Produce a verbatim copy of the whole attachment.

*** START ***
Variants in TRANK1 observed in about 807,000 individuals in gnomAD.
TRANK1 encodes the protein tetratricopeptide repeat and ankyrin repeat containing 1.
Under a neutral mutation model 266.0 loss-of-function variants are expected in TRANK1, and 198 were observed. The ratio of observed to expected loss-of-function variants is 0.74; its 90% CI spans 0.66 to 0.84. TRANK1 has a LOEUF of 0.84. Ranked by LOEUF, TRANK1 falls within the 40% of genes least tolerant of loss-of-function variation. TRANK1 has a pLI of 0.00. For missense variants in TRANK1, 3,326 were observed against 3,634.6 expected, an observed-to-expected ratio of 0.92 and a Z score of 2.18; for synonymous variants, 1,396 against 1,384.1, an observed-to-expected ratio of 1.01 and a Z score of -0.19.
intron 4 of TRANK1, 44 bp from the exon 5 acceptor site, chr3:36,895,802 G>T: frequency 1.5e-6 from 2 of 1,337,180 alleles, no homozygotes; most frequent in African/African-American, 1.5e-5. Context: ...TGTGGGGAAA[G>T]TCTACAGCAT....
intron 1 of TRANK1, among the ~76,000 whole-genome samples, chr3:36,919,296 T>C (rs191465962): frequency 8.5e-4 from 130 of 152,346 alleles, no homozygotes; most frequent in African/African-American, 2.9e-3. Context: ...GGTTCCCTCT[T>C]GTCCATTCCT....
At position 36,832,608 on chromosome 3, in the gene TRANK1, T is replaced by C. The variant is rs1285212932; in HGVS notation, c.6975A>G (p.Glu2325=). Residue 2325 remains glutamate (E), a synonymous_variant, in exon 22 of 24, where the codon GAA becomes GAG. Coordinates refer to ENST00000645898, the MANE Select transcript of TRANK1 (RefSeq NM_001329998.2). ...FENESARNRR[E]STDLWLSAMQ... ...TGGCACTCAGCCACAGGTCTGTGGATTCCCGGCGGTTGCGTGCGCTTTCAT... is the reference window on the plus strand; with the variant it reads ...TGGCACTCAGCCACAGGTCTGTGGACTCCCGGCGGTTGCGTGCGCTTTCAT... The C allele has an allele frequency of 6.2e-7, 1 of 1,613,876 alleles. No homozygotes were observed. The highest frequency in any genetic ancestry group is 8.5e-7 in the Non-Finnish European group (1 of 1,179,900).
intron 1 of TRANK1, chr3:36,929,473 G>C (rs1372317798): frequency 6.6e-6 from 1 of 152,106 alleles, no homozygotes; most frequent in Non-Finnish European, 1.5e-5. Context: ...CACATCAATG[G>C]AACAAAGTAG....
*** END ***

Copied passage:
Variants in TRANK1 observed in about 807,000 individuals in gnomAD.
TRANK1 encodes the protein tetratricopeptide repeat and ankyrin repeat containing 1.
Under a neutral mutation model 266.0 loss-of-function variants are expected in TRANK1, and 198 were observed. The ratio of observed to expected loss-of-function variants is 0.74; its 90% CI spans 0.66 to 0.84. TRANK1 has a LOEUF of 0.84. Ranked by LOEUF, TRANK1 falls within the 40% of genes least tolerant of loss-of-function variation. TRANK1 has a pLI of 0.00. For missense variants in TRANK1, 3,326 were observed against 3,634.6 expected, an observed-to-expected ratio of 0.92 and a Z score of 2.18; for synonymous variants, 1,396 against 1,384.1, an observed-to-expected ratio of 1.01 and a Z score of -0.19.
intron 4 of TRANK1, 44 bp from the exon 5 acceptor site, chr3:36,895,802 G>T: frequency 1.5e-6 from 2 of 1,337,180 alleles, no homozygotes; most frequent in African/African-American, 1.5e-5. Context: ...TGTGGGGAAA[G>T]TCTACAGCAT....
intron 1 of TRANK1, among the ~76,000 whole-genome samples, chr3:36,919,296 T>C (rs191465962): frequency 8.5e-4 from 130 of 152,346 alleles, no homozygotes; most frequent in African/African-American, 2.9e-3. Context: ...GGTTCCCTCT[T>C]GTCCATTCCT....
At position 36,832,608 on chromosome 3, in the gene TRANK1, T is replaced by C. The variant is rs1285212932; in HGVS notation, c.6975A>G (p.Glu2325=). Residue 2325 remains glutamate (E), a synonymous_variant, in exon 22 of 24, where the codon GAA becomes GAG. Coordinates refer to ENST00000645898, the MANE Select transcript of TRANK1 (RefSeq NM_001329998.2). ...FENESARNRR[E]STDLWLSAMQ... ...TGGCACTCAGCCACAGGTCTGTGGATTCCCGGCGGTTGCGTGCGCTTTCAT... is the reference window on the plus strand; with the variant it reads ...TGGCACTCAGCCACAGGTCTGTGGACTCCCGGCGGTTGCGTGCGCTTTCAT... The C allele has an allele frequency of 6.2e-7, 1 of 1,613,876 alleles. No homozygotes were observed. The highest frequency in any genetic ancestry group is 8.5e-7 in the Non-Finnish European group (1 of 1,179,900).
intron 1 of TRANK1, chr3:36,929,473 G>C (rs1372317798): frequency 6.6e-6 from 1 of 152,106 alleles, no homozygotes; most frequent in Non-Finnish European, 1.5e-5. Context: ...CACATCAATG[G>C]AACAAAGTAG....